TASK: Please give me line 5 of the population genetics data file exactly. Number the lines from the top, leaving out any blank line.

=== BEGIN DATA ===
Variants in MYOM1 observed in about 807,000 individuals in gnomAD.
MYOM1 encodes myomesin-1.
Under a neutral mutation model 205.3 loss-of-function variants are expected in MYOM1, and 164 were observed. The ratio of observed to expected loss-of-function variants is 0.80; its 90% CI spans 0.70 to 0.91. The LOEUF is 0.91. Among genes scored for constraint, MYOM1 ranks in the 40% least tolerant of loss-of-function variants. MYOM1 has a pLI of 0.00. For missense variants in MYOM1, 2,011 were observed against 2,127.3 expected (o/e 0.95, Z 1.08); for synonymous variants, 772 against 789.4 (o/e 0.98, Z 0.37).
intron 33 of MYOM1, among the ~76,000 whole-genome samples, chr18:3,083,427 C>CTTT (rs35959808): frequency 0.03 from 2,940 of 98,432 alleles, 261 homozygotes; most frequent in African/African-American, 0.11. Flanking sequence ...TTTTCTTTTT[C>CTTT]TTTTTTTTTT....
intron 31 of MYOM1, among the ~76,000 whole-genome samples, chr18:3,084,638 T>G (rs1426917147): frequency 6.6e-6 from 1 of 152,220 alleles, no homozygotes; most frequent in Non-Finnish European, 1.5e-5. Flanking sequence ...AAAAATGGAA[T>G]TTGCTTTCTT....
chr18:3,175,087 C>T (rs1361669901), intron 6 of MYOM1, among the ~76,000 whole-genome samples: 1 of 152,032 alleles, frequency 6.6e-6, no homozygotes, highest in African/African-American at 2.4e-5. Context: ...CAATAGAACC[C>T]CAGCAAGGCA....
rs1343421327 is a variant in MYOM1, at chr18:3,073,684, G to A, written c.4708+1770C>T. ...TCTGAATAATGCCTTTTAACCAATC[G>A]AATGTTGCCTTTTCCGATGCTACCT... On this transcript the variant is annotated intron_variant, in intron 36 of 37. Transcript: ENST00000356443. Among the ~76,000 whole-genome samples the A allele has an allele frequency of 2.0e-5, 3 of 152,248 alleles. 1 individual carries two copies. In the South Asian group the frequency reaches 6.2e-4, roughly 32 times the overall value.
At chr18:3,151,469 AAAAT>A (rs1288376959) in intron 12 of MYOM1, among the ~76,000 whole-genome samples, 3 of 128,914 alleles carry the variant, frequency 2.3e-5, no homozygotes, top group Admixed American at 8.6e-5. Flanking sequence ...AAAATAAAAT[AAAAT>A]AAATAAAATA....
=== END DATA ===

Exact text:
intron 31 of MYOM1, among the ~76,000 whole-genome samples, chr18:3,084,638 T>G (rs1426917147): frequency 6.6e-6 from 1 of 152,220 alleles, no homozygotes; most frequent in Non-Finnish European, 1.5e-5. Flanking sequence ...AAAAATGGAA[T>G]TTGCTTTCTT....